SEK hit hard by Medicaid limits



October 7, 2013 - 12:00 AM

It was hard news to deliver for such an avid advocate of the new health care law.
Southeast Kansas, particularly, will be hit hard by the state’s decision to not expand its Medicaid program as provided by the federal government.
“That decision, alone, will keep thousands of your citizens from enjoying health insurance for perhaps the first time in their lives,” said Sheldon Weisgrau.
Weisgrau addressed an audience of about 60 on Thursday night at the Townhouse West assembly room. He is touring the state informing audiences about the ins and outs of the Affordable Care Act on behalf of six major health care organizations, including the REACH Healthcare Foundation and the Health Care Foundation of Greater Kansas City, both of which have a presence in Allen County through their support of the Rural Health Institute, Thrive Allen County, SAFE BASE after-school program, Hope Unlimited, and others.
The idea under the new Affordable Care Act was to make health insurance available to everyone. For those who lived below the federal poverty line — $11,500 for an individual and $23,550 for a family of four — they were to receive health insurance by being enrolled in a state’s Medicaid program, which is primarily for the poor and disabled.
The government figured if a state expanded its Medicaid guidelines to accept people whose incomes came to within 138 percent of the federal poverty line (FPL), or $15,856 for an individual and $28,000 for a family of four — then that would cover the U.S. population.
For those living at the FPL and up to 400 percent above, the Affordable Care Act provides tax credits according to one’s age, income and family size, for U.S. citizens. Illegal immigrants are not covered by the ACA.
Two problems arose for Kansas.
First, its Medicaid program is only for the poorest of the poor.
A single mother of two working a part-time job can earn no more than $6,000 a year to receive Medicaid benefits. The state’s Medicaid program also is not based on income alone. Recipients have to be either disabled, single mothers, or elderly. An unmarried male is not able to receive Medicaid benefits.
Secondly, Gov. Sam Brownback pushed the decision to expand the state’s Medicaid rolls onto state legislators, who took no action.
The inaction and low Medicaid standards create a significant gap in coverage for Kansans. Southeast Kansas has a disproportionate amount of low-income residents who will fall into the insurance gap because they are too poor to qualify for the ACA tax credits for those at above the federal poverty level, but too rich to qualify for the state’s Medicaid program, which includes health insurance.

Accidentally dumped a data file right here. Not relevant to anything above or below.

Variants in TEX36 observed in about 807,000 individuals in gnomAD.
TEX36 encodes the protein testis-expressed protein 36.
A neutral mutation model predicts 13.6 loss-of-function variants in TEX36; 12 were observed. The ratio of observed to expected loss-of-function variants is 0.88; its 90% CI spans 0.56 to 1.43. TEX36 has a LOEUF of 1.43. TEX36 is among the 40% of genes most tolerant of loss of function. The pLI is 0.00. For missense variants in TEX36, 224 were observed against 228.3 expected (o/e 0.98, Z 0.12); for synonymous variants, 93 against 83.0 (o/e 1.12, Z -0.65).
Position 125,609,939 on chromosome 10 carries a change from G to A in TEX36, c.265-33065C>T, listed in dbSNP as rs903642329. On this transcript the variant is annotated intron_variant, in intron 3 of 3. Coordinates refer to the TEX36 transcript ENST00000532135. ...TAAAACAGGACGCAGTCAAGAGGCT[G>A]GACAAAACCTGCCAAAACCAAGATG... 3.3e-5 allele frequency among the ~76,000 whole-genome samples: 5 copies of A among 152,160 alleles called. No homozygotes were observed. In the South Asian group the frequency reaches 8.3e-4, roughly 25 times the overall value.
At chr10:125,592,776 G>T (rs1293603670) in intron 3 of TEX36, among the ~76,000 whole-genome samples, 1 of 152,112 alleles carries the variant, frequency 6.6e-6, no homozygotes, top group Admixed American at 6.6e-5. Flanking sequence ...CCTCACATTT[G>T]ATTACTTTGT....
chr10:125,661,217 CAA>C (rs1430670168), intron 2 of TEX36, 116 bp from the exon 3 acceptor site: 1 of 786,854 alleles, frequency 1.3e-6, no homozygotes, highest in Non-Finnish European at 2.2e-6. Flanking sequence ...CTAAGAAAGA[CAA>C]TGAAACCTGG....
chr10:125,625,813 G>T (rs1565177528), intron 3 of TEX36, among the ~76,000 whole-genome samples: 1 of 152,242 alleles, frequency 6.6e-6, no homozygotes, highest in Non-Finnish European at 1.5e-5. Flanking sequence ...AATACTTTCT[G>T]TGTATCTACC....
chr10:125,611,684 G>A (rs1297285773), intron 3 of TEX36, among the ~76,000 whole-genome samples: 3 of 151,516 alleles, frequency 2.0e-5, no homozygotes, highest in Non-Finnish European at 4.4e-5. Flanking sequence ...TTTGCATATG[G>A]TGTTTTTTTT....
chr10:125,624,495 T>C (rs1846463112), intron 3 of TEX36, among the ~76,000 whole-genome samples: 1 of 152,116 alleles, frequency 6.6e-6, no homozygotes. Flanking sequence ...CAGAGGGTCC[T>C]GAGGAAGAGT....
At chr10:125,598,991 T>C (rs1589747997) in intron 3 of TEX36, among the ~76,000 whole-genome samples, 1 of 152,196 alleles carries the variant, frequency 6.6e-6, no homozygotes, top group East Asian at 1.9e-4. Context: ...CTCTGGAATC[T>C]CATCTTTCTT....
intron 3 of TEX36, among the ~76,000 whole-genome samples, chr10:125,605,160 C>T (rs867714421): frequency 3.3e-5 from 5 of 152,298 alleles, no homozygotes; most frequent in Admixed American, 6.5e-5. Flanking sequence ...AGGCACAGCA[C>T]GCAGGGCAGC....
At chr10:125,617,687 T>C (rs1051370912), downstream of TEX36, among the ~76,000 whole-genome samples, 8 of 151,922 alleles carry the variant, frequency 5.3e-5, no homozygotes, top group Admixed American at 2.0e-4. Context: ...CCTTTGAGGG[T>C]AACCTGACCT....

THE LACK of health insurance will play havoc on the health care system, specifically hospitals, Weisgrau said.
Under the previous system, the federal government gave hospitals a stipend to help cover the cost of treating people who could not afford their hospital bills. By law, a hospital’s emergency room cannot turn away those seeking care, no matter their abilities to pay.
With the Affordable Care Act, the federal government redirected that stipend to hospitals to the expanded Medicaid program, where it has agreed to pay 100 percent of costs incurred by expanding its client base.
Needless to say, for the states that have said no to the expansion, hospitals will suffer a double whammy. They still must treat the uninsured poor, but now without any federal aid.
A likely consequence will be an increase in property taxes to help hospitals bear the uncompensated costs, Weisgrau said.
“The money is going to have to come from somewhere,” he said.
Had Kansas accepted federal funds to expand its Medicaid rolls, hospitals could rest easy.
The formula has the federal government paying 100 percent of the additional costs of expanding its Medicaid rolls. After several years, states are to assume 10 percent of those costs.
The economic stimulus from the federal government to pay for the expanded program offsets the cost to Kansas for expanding its Medicaid program many times over, Weisgrau said.

May 18, 2022
May 13, 2022
May 4, 2022
April 14, 2022